dedicated to John Corbin
The new tenant tips his head to the side and looks just above or below a person’s eye during conversation. Regular building occupants, including the husband and wife team, Giles and Cleo, residing across the hall from him, perceive this as cold provocation, or at least as unsettling. “A damp trickle runs down my spine when I share an exchange with him,” whispers Giles to fellow tenants, huddled in line at the mail center. It is a piercing, frigid winter. Several residents nod heads in agreement.
“I get a nasty, icy trickle from him too, and now it has given me this cold,” rasps Cleo, between coughs. She intentionally drops and scatters an entire bag of walnuts in the drafty hallway, giving her an excuse to spend a quarter of an hour on hands and knees, retrieving each kernel, periodically pressing her ear to the new arrival’s thin plywood door. She hears nothing, and contracts a cold the next morning.
There is one more thing, perhaps a more important thing: this newcomer pays zero attention to curfew, and Cleo and Giles secretly hope he will get caught and seriously punished.
The couple learns his patterns. He gets one consistent late afternoon visitor. At least they think that he might have one. Given this run of freezing weather, the visitor, like everyone in this region, dresses in layers of scarves and coats, making it impossible to guess at an age, figure or gender. This guest, or a guest, arrives daily in the late afternoon. The two stay inside until they walk out together in the early evening. The tenant always returns home alone, late, way past curfew, sometimes with bags.
“Look,” whispers Giles one morning, padding around in his terry cloth cape, standing at the window. Cleo joins him, takes in a sharp, congested breath, whispers, “I have never seen them out this early.” The neighbor and companion march down the snow-packed sidewalk, hauling a large bag between them. “A regular couple of Santa Clauses,” she continues. “Except for the weight factor. And you only ever see these two wear black.” Over lightly buttered toast and black tea, they discuss what might be inside of the sack. Clothes for the Donation Bin at the street corner, precious objects, perhaps stolen, tools, toys, food, maybe even body parts. It is a very large sack. The couple waits all day for their newest neighbor to return but he does not return. “This is the latest he has been out ever.” Giles says, folding and unfolding his damp, thick, fingers. Any building resident not inside within one hour after sunset must endure two days of lockdown. It is a building bylaw. “If he is late again tonight we report him,” says Giles, clapping his palms together decisively.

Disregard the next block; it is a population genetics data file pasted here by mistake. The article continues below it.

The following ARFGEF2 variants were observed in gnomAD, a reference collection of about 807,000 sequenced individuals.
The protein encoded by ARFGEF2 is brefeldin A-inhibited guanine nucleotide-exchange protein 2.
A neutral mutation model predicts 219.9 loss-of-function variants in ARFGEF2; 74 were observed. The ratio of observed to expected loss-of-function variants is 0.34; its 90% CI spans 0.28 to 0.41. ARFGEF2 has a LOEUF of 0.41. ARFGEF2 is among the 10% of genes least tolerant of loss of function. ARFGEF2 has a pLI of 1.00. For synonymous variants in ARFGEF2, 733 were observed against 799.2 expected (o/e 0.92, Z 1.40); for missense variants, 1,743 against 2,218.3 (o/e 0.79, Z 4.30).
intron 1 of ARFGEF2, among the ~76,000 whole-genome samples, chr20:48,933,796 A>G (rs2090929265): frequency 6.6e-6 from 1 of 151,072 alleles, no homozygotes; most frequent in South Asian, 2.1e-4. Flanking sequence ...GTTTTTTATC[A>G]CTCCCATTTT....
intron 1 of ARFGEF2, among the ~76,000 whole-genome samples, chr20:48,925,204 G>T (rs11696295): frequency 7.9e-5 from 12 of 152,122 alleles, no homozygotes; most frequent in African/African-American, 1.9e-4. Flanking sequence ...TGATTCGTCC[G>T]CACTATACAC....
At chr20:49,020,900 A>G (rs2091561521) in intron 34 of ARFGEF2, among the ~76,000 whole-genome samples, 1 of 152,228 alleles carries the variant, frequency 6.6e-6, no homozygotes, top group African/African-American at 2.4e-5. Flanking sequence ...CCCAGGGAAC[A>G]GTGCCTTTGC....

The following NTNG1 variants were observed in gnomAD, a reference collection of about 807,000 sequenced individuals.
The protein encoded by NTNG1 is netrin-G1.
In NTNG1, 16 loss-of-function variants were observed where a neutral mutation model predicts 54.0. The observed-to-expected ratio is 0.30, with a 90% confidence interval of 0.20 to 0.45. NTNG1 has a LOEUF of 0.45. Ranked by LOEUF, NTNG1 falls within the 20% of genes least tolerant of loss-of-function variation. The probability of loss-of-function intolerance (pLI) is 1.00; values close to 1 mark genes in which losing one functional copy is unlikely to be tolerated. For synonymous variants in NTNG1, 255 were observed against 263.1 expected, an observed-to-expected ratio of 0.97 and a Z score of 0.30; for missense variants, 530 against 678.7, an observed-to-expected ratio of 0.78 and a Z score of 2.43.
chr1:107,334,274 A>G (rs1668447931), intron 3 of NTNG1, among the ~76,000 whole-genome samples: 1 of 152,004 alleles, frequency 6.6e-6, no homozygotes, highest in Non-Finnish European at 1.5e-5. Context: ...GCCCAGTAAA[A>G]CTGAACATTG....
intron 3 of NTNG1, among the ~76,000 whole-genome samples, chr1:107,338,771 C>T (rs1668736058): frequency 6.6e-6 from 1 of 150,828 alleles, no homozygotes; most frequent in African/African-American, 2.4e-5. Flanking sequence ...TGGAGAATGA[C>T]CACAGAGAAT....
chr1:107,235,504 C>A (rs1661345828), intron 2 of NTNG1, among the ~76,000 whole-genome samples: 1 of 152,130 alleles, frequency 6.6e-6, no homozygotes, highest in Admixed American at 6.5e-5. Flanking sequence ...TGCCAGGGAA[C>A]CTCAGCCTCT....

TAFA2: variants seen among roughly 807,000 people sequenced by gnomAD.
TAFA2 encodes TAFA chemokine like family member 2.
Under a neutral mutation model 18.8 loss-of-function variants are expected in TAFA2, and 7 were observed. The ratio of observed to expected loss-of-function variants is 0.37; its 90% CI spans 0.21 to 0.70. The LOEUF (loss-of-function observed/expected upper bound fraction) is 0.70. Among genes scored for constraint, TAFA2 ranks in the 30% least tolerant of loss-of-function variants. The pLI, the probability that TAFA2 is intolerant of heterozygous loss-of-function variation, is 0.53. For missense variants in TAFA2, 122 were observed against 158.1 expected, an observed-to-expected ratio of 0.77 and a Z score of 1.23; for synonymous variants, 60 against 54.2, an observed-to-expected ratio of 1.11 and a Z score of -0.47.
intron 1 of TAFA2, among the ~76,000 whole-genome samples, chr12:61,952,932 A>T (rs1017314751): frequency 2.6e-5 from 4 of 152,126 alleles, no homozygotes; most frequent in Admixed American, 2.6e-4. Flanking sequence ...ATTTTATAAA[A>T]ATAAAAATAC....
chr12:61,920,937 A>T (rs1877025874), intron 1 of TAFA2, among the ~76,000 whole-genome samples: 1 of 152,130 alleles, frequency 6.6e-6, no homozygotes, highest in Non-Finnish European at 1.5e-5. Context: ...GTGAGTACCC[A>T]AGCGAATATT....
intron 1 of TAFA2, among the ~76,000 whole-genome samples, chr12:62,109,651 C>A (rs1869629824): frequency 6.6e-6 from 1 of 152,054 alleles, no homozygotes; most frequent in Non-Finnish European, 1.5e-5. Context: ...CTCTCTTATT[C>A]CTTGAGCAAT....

It is evening. The couple, having eaten nothing since the morning toast, are faint from lack of nourishment. It is just past curfew and too late to go to the shops. Giles finds a large potato in the cupboard. He also finds a chunk of ginger root. He roasts the potato, it is massive, and makes tea from the final chunk of ginger root, adding a bit of brandy. Cleo’s coughing is really out of control. Arranging their meals on separate trays, they settle down in front of the window overlooking the street. Towering surveillance lamps illuminate the streets of the city on this moonless night. Birds circle around an area just in front of the building. It is not clear to the couple what the birds circle, except a patch of sidewalk. They recount to each other the time they first see the neighbor’s fingers ungloved: spidery, bone thin, decked out in large, shiny, metallic rings. They eat, drink and watch the birds circle and circle above a patch of sidewalk. Then it happens: they (the new resident, his companion) arrive. The two figures no longer carry the sack, but each holds and sips from a large, white bowl. They stand at the corner, appearing to talk. Standing and talking, as if they can. Standing and talking as if there are no bylaws, no curfews no lockdowns.